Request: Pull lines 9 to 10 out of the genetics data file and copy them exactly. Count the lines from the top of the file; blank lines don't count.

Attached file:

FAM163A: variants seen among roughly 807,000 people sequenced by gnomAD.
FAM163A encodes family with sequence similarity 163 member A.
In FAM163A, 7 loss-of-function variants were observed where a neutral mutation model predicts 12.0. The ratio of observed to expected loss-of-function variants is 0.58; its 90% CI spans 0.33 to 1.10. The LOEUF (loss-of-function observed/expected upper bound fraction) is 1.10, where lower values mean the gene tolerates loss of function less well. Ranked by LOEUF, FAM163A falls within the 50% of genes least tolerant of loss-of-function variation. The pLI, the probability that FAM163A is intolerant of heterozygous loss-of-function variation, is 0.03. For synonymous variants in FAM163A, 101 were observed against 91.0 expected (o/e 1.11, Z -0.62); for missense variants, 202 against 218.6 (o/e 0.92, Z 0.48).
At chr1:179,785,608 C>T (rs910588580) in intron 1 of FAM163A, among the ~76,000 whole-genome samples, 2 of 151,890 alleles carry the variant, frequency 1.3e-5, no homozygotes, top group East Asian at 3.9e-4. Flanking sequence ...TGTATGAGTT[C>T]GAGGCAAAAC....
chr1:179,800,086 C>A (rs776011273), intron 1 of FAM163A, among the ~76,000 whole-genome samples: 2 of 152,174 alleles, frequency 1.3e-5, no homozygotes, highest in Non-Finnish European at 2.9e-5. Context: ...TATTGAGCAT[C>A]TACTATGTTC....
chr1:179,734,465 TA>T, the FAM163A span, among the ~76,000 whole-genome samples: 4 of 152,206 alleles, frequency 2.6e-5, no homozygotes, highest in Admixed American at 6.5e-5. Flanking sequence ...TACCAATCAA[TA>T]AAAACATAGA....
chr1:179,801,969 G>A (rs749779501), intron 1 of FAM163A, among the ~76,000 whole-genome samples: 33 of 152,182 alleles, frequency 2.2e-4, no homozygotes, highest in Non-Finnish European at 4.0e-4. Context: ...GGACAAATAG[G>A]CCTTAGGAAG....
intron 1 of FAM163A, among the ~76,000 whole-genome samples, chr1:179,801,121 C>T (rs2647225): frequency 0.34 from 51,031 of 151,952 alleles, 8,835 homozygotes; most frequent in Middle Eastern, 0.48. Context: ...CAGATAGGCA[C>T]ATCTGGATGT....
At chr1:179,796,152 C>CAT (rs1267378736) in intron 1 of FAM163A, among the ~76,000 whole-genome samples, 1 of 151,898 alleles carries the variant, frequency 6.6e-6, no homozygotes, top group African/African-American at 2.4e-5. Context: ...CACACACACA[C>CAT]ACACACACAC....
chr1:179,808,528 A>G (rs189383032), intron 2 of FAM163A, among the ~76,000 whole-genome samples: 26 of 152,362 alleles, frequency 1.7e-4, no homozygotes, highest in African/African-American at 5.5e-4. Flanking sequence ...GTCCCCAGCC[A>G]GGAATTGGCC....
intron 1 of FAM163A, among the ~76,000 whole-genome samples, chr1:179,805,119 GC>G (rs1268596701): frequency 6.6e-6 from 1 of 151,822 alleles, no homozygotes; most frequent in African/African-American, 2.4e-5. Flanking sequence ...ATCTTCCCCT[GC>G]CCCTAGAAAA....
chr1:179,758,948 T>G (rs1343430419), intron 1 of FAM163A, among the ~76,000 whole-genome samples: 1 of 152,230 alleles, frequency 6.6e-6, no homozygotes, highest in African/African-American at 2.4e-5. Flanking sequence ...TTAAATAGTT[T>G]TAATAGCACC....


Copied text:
At chr1:179,796,152 C>CAT (rs1267378736) in intron 1 of FAM163A, among the ~76,000 whole-genome samples, 1 of 151,898 alleles carries the variant, frequency 6.6e-6, no homozygotes, top group African/African-American at 2.4e-5. Context: ...CACACACACA[C>CAT]ACACACACAC....
chr1:179,808,528 A>G (rs189383032), intron 2 of FAM163A, among the ~76,000 whole-genome samples: 26 of 152,362 alleles, frequency 1.7e-4, no homozygotes, highest in African/African-American at 5.5e-4. Flanking sequence ...GTCCCCAGCC[A>G]GGAATTGGCC....